DEER ISLE, Maine — Marnie Reed Crowell was a healthy woman in her 60s when a fall while ice skating one Sunday afternoon changed both her life and her perspective on growing old in rural Maine.
The traumatic head injury she suffered left the Deer Isle resident and author unable to write, drive and perform many basic tasks. During her years-long recovery, Crowell said she realized the challenges faced by many older or disabled Mainers struggling to live independently.
“I had a church, I had 40 years of friendships, and I had a sibling a few miles awa, and it wasn’t enough,” Crowell said.
A decade later, Crowell is part of a nascent but growing movement in Maine – one of the nation’s oldest states demographically — focused on developing support systems that will enable seniors or disabled Mainers to stay in their homes, albeit with a little help.
For an annual fee of $100, participants in the Deer Isle Plus support network launched in Deer Isle and Stonington can receive access to an online network and a paid coordinator. Through that network and coordinator, participants can then find others in the community willing to help around the house, drive them to the store or simply stop by for a chat.
Participants also fill out a lengthy “care sheet” detailing whom the coordinator should contact to, say, feed their cats or take care of emergency home repairs should they be hospitalized. All of this, Crowell said, is an attempt to help people connect in an era where families disperse and federal privacy laws prevent first responders from alerting friends or neighbors to a medical emergency.
“I like this community. This is where I want to live,” Crowell said recently. “And not surprisingly, the people on this side of the [Deer Isle-Stonington] bridge are very independent and don’t want to move off island to a nursing home.”
Deer Isle Plus is one of several similar efforts under development in Maine. Their approach and structure may be different, with some providing more health care services for a higher fee while others, such as Deer Isle Plus, rely largely on volunteers.
But all of the programs have an identical goal.
“The Holy Grail was really, ‘How can we keep people in their own homes?’” said Dr. Allan Teel, a Damariscotta physician. “That is where people want to be, but the choices for keeping seniors in their own home are very limited.”
While Deer Isle Plus seeks to create a loose network, Teel is the force behind a nationwide endeavor — called Full Circle America — that provides highly individualized plans that address both seniors’ health care and social needs.
Participants can receive home visits by staff or volunteers as well as regular telephone or Web-based check-ins, transportation services, respite care, activity planning, emergency call buttons and around-the-clock monitoring by webcams or motion sensors. In return, participants stay active by volunteering in the community in any way they can.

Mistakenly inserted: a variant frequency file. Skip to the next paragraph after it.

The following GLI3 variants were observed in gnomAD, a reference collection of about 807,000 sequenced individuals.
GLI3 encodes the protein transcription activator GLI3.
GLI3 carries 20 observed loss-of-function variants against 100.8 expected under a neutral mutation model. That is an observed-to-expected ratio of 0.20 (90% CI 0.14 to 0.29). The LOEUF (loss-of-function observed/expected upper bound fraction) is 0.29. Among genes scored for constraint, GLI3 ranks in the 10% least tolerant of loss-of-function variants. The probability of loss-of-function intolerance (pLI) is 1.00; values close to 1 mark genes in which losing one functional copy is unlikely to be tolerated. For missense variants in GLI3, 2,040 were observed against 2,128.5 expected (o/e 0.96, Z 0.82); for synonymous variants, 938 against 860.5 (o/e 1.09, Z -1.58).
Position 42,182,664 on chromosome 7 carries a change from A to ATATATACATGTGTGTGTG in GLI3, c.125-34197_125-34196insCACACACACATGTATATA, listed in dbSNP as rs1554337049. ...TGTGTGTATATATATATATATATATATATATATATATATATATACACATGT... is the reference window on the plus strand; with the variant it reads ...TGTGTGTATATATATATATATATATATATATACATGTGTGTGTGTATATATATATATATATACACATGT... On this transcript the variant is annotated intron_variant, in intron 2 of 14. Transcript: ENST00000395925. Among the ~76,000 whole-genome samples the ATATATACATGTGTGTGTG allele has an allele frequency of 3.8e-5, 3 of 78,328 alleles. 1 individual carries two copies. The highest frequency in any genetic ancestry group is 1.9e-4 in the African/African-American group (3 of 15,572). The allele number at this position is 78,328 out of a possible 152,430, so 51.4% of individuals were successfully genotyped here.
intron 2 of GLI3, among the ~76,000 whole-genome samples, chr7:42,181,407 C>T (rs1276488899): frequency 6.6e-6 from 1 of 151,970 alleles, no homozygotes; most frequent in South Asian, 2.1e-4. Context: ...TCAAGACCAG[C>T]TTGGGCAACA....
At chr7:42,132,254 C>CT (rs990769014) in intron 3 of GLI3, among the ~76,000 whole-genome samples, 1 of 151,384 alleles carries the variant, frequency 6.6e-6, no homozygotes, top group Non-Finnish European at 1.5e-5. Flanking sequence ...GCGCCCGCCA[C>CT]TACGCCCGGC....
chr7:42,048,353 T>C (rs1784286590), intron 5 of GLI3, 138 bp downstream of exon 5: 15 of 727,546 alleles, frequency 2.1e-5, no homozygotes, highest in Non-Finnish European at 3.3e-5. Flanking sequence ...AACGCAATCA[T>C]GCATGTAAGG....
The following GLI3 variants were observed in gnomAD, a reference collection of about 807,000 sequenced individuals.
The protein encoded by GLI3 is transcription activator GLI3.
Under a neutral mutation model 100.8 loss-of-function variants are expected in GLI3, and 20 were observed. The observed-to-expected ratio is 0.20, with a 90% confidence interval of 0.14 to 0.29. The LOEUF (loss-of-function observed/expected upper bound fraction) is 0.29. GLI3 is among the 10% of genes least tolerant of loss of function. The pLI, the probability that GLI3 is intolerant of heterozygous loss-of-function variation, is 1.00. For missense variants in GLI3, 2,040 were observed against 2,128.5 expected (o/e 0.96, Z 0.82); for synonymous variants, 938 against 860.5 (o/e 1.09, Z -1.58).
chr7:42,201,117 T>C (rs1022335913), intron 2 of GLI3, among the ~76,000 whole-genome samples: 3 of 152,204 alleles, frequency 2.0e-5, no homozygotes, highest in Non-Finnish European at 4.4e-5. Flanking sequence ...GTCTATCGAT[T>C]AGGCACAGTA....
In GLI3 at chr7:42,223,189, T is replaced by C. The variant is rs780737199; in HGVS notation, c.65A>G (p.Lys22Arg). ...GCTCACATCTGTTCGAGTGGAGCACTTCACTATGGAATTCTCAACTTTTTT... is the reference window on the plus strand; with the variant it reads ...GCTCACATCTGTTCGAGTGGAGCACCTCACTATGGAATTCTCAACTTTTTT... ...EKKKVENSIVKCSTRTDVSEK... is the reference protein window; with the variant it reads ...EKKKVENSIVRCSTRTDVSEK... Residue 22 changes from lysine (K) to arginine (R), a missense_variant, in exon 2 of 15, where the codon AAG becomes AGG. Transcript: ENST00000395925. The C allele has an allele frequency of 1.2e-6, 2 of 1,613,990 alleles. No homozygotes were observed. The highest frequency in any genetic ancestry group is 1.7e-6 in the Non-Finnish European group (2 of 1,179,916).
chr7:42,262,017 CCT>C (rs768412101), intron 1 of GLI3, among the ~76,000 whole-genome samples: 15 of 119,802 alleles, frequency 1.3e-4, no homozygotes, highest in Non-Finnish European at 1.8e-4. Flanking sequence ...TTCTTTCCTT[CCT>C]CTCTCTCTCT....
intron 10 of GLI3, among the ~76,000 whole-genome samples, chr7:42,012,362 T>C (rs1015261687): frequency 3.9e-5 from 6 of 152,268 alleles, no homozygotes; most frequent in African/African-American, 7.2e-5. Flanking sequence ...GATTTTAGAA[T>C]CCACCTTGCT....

Teel, author of the book “Alone and Invisible No More,” said Medicare and Medicaid offer little help for those aiming to stay in their homes, and nursing homes are prohibitively expensive.
The program costs between $400 and $700 a month. But since launching his program in Lincoln County, Teel’s organization has helped about 100 people ages 80 to 105 stay in their homes at roughly 10 percent of the cost of “residential care.”
Full Circle America now has participants in Knox County and Portland and is working to set up branches in 25 communities this year from Bangor to Florida and California. If successful, Teel said, he hopes to have participants in 500 communities by 2014.
“We are trying to build our senior care around a much more holistic model,” he said.
At Home Downeast, which operates in the Blue Hill peninsula, falls in between Deer Isle Plus and Full Circle America on the spectrum of support systems for senior citizens.
A program of Washington Hancock Community Agency, At Home Downeast provides four rides a month to medical appointments, weekly deliveries of groceries and prescription drugs and up to two home visits a month by a licensed nurse.
The service costs between $2 and $20 a week and, like Deer Isle Plus, will rely on a cadre of volunteers as well as a local coordinator. Under development for two years, the program launched in February and aims to have 25 participants in each of the nine communities now being served. But organizers hope to expand in Hancock and Washington counties.
“I am seeing an increase in calls from either the children of older parents or the spouses of someone who has found themselves in a [difficult] situation already,” said Susan Farley with Washington Hancock Community Agency. “The need is huge. We do have an older population, and the time to think about this is before something happens.”
Joe Perkins, development director at Washington Hancock Community Agency, said he is aware of the other programs under development — including Deer Isle Plus — and that he welcomes them because of the need.
“If someone in Ellsworth were to try to start a program like this, we would encourage it,” Perkins said. “We are trying to create a model.”
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